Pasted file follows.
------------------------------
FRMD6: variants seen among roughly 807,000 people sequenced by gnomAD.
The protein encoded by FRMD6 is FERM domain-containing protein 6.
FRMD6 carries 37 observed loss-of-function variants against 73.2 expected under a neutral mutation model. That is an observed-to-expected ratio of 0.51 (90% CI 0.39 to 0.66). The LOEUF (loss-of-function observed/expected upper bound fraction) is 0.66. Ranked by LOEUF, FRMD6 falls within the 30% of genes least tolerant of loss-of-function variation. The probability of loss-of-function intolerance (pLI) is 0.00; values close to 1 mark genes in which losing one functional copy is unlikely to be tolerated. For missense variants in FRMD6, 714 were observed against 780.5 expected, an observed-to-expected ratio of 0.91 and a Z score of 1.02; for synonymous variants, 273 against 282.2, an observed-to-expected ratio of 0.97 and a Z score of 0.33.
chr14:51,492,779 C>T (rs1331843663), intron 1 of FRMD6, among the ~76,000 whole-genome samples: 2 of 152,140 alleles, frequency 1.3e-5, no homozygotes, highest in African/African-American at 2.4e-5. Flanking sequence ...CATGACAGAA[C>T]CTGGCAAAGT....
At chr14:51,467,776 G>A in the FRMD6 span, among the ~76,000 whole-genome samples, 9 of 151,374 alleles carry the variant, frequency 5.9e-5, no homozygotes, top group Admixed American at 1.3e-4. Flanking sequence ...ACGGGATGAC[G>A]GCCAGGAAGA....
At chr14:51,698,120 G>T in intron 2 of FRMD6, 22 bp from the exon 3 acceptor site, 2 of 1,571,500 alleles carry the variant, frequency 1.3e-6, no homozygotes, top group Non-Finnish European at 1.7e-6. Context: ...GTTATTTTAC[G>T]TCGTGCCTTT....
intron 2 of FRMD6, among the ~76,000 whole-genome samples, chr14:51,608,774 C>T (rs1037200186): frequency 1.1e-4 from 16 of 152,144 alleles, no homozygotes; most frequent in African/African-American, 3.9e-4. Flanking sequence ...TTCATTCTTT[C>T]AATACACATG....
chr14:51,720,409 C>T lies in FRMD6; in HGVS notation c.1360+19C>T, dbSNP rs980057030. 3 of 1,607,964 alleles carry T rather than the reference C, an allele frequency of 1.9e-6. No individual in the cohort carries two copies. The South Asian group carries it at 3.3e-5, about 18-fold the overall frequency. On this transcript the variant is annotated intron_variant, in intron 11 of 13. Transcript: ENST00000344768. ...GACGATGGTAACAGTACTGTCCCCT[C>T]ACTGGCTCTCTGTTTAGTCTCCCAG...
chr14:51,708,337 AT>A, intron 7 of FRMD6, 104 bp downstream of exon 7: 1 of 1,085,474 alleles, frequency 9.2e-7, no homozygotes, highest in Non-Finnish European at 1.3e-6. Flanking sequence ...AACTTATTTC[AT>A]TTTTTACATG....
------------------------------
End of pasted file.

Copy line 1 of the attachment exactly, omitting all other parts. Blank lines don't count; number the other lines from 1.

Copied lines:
FRMD6: variants seen among roughly 807,000 people sequenced by gnomAD.